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A renovated Odegaard reopens its doors

Odegaard

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The new staircase in Odegaard opened 6,000 square feet of floor space on the first floor allowing for a more open feel to the library.

 

Photo by Joshua Bessex

Since opening in 1972, the Odegaard Undergraduate Library has served UW students as an academic resource. After a $16 million renovation, the library is now equipped to serve students like never before.

In late June, at the start of summer quarter, the UW opened a newly renovated Odegaard after the library was closed for a year during construction.

Collaborating with The Miller Hull Partnership, a Seattle-based architecture firm known for its work on the Bullitt Center, referred to by many as the “world’s greenest office building,” and Mortenson Construction, the UW began planning the renovation nearly two years ago.

“We worked very closely with the contract team right from the start, which isn’t always the case,” said Wendy Abeel, the director of communications at Miller Hull. “[The project] really had a tight time constraint.”

Funded by the state of Washington as part of the 2011-13 State Capital Budget, a large portion of the renovation focused on creating active-learning classrooms, which are interactive, interdisciplinary spaces that bring together information and technology, and upgrading the building’s lighting efficiency and design to use less energy.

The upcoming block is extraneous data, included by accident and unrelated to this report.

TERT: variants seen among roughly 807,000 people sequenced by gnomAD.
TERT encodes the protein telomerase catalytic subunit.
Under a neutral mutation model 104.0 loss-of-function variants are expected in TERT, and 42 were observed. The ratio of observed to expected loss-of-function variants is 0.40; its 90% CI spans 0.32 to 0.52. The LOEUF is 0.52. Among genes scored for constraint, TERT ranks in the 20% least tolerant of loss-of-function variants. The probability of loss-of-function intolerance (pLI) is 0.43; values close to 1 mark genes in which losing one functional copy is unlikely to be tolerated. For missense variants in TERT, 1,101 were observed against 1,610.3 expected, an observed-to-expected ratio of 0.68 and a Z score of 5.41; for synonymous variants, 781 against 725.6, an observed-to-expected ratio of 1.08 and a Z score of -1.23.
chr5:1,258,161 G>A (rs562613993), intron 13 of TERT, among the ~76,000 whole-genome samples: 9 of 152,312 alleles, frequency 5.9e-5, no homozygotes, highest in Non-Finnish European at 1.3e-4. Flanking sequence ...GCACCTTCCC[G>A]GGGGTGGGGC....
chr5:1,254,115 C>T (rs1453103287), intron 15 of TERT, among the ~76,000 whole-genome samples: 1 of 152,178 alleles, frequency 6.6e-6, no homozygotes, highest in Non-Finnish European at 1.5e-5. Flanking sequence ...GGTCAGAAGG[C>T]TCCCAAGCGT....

“Every square inch of this building needed to be used 24 hours a day,” said Ruth Baleiko, Miller Hull’s lead project architect. “We knew that we couldn’t let a single square inch go to waste. When a student comes into the library now, they should be able do everything they need to do as part of their academic experience.”

Odegaard now has an integrated writing and research center, two new active learning classrooms, seven new group study rooms on the first floor, and an abundance of new technologies.

One of the biggest changes in the renovation was the removal of the main stairwell that was part of the library’s original 1972 design. A new central atrium was added in the center of Odegaard as a replacement.

“We love the visibility of this,” said Jill McKinstry, director of Odegaard. “During the day you’re able to see the work that’s going on. You can see other students meet with other students and that’s inspiring.”

Abeel said Miller Hull focused on improving the social sustainability of the library and making it more environmentally friendly. By incorporating the skylight and other new lights, the UW is now able to make better use of daylight and reduce lighting costs.

The firm also reused the original structure of Odegaard to make the project more sustainable. Miller Hull was able to recycle oak wood from the old building by scaling, restaining, and repurposing it.

McKinstry said after five years of cutbacks, reductions, and increased tuition, the renovation should be exciting for students.

“There is more of a sense that they are investing on spaces for students here on campus,” McKinstry said. “We want to make sure that we are giving the services [the students] need.”

While most of the major changes are complete, finishing touches are still being made in many parts of the library, including some of the restrooms. Additionally, furniture is still being put in, and carpeting is being finished on the third floor. McKinstry said they’re hoping to secure more funds to finish the renovation.

“We have more dreams to come,” McKinstry said. “This is just the beginning.”

Reach contributing writer Chloe Choe at development@dailyuw.com. Twitter: @ChloeSChoe

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